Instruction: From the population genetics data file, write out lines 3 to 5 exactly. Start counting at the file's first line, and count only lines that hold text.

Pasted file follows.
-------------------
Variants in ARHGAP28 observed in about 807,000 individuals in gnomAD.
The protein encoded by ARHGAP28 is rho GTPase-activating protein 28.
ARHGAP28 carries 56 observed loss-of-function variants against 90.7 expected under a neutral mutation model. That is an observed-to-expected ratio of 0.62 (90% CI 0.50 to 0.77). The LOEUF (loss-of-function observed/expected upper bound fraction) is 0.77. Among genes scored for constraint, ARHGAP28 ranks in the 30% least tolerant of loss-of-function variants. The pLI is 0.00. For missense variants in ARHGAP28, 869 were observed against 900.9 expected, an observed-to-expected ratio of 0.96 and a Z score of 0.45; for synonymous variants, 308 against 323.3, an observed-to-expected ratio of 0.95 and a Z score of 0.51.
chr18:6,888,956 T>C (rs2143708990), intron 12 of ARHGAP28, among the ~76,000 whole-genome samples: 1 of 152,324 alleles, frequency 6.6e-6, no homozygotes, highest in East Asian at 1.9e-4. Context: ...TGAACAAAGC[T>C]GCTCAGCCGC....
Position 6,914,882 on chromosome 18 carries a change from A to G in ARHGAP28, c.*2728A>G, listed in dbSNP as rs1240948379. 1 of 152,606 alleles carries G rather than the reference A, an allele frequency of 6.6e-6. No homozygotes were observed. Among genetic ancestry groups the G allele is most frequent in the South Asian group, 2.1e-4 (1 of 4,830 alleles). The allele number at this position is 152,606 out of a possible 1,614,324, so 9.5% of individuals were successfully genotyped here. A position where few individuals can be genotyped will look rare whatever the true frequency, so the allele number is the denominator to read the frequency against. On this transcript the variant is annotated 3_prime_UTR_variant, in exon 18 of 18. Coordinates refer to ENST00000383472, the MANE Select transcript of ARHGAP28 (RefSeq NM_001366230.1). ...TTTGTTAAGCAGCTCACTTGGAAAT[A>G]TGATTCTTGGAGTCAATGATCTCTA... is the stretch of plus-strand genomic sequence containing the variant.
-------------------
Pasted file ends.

ARHGAP28 carries 56 observed loss-of-function variants against 90.7 expected under a neutral mutation model. That is an observed-to-expected ratio of 0.62 (90% CI 0.50 to 0.77). The LOEUF (loss-of-function observed/expected upper bound fraction) is 0.77. Among genes scored for constraint, ARHGAP28 ranks in the 30% least tolerant of loss-of-function variants. The pLI is 0.00. For missense variants in ARHGAP28, 869 were observed against 900.9 expected, an observed-to-expected ratio of 0.96 and a Z score of 0.45; for synonymous variants, 308 against 323.3, an observed-to-expected ratio of 0.95 and a Z score of 0.51.
chr18:6,888,956 T>C (rs2143708990), intron 12 of ARHGAP28, among the ~76,000 whole-genome samples: 1 of 152,324 alleles, frequency 6.6e-6, no homozygotes, highest in East Asian at 1.9e-4. Context: ...TGAACAAAGC[T>C]GCTCAGCCGC....
Position 6,914,882 on chromosome 18 carries a change from A to G in ARHGAP28, c.*2728A>G, listed in dbSNP as rs1240948379. 1 of 152,606 alleles carries G rather than the reference A, an allele frequency of 6.6e-6. No homozygotes were observed. Among genetic ancestry groups the G allele is most frequent in the South Asian group, 2.1e-4 (1 of 4,830 alleles). The allele number at this position is 152,606 out of a possible 1,614,324, so 9.5% of individuals were successfully genotyped here. A position where few individuals can be genotyped will look rare whatever the true frequency, so the allele number is the denominator to read the frequency against. On this transcript the variant is annotated 3_prime_UTR_variant, in exon 18 of 18. Coordinates refer to ENST00000383472, the MANE Select transcript of ARHGAP28 (RefSeq NM_001366230.1). ...TTTGTTAAGCAGCTCACTTGGAAAT[A>G]TGATTCTTGGAGTCAATGATCTCTA... is the stretch of plus-strand genomic sequence containing the variant.